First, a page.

Bradley Belt, executive director of the Pension Benefit Guaranty Corporation (PBGC), made the demand for information in a letter to Glenn Tilton, chairman, president and chief executive officer of UAL’s United Air Lines.
Belt said alarm bells were going off at the PBGC, the nation’s private pension insurer, when the company didn’t make $72.4 million in required pension payments last week. “This decision to stop contributing to the pension plans is a serious matter that increases the risk of loss to plan participants and the federal pension insurance program,” Belt wrote in the Tilton letter.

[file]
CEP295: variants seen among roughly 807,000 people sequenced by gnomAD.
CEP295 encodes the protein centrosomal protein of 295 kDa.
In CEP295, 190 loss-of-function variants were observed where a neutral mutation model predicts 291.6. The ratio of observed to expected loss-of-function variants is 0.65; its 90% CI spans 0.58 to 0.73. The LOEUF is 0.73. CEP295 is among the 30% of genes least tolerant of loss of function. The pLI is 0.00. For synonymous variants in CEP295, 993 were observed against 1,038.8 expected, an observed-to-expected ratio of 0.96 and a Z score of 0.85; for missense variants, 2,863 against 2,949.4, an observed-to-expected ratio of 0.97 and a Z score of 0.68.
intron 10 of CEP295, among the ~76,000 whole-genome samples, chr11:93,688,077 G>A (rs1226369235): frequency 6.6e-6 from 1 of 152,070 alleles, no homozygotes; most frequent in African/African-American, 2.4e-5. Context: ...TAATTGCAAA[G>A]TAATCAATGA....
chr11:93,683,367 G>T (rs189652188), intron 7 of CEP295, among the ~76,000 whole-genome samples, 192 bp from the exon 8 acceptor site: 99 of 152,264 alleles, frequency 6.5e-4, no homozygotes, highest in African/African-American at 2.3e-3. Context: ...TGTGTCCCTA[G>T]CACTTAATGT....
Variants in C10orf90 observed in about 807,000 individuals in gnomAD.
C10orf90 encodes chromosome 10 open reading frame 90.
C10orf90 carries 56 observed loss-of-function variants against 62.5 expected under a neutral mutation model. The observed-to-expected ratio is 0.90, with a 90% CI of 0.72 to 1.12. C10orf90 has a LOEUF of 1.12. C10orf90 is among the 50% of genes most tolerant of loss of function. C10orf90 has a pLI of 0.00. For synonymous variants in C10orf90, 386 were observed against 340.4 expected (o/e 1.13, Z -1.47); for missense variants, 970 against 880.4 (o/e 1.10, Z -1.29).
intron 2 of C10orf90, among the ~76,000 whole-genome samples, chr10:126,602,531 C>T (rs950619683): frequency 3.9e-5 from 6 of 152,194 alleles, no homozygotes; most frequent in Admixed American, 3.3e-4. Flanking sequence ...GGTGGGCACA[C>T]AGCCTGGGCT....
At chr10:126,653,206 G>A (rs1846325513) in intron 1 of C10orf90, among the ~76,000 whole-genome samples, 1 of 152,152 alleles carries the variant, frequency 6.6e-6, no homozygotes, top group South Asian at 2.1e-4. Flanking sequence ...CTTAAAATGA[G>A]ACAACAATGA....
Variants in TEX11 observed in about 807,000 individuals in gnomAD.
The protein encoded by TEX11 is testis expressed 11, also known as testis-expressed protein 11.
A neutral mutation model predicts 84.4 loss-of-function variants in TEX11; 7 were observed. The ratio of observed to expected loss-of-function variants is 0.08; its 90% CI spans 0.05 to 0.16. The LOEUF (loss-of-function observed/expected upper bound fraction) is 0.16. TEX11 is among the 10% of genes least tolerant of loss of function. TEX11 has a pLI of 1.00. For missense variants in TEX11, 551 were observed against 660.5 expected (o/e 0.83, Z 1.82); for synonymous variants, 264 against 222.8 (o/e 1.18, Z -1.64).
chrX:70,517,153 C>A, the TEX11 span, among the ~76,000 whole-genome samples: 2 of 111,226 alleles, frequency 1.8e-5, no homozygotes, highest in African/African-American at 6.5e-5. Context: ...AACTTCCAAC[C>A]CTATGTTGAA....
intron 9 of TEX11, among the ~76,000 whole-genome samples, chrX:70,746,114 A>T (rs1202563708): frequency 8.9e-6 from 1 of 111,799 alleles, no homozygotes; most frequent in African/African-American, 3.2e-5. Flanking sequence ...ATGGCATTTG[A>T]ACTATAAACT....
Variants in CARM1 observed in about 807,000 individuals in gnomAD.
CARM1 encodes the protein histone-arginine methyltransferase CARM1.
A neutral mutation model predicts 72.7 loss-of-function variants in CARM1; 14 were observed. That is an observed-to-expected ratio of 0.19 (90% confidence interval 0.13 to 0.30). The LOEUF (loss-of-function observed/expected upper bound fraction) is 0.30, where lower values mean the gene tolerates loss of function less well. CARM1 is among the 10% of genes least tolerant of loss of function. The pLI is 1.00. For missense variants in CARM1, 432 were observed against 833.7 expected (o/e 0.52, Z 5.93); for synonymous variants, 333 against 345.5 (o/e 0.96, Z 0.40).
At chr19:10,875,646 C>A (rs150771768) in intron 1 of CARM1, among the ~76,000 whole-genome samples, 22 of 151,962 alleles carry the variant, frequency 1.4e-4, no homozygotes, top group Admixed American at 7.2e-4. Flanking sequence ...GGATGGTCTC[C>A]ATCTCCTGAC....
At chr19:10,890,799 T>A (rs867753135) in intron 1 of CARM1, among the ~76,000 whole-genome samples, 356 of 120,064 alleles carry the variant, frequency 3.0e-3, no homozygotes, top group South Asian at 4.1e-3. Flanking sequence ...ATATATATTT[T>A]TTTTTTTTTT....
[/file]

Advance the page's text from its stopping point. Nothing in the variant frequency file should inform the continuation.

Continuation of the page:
UAL officials also announced that their debtor-in-possession finance would “effectively” bar the company from making any more pension payments until its reorganizes and exits US Bankruptcy Court. Belt insisted that any such requirements would be illegal because they would conflict with federal tax law and the Employee Retirement Security Act (ERISA).
Asserting that the company owes more than $500 million in pension payments for 2004 and more than $4 billion over the next five years, Belt demanded of Tilton: “please provide a detailed explanation of how the company’s business plan will enable it to meet those obligations. On the other hand, if UAL intends to terminate any of its defined benefit pension plans, the PBGC and plan participants should be made aware of that fact as soon as possible.”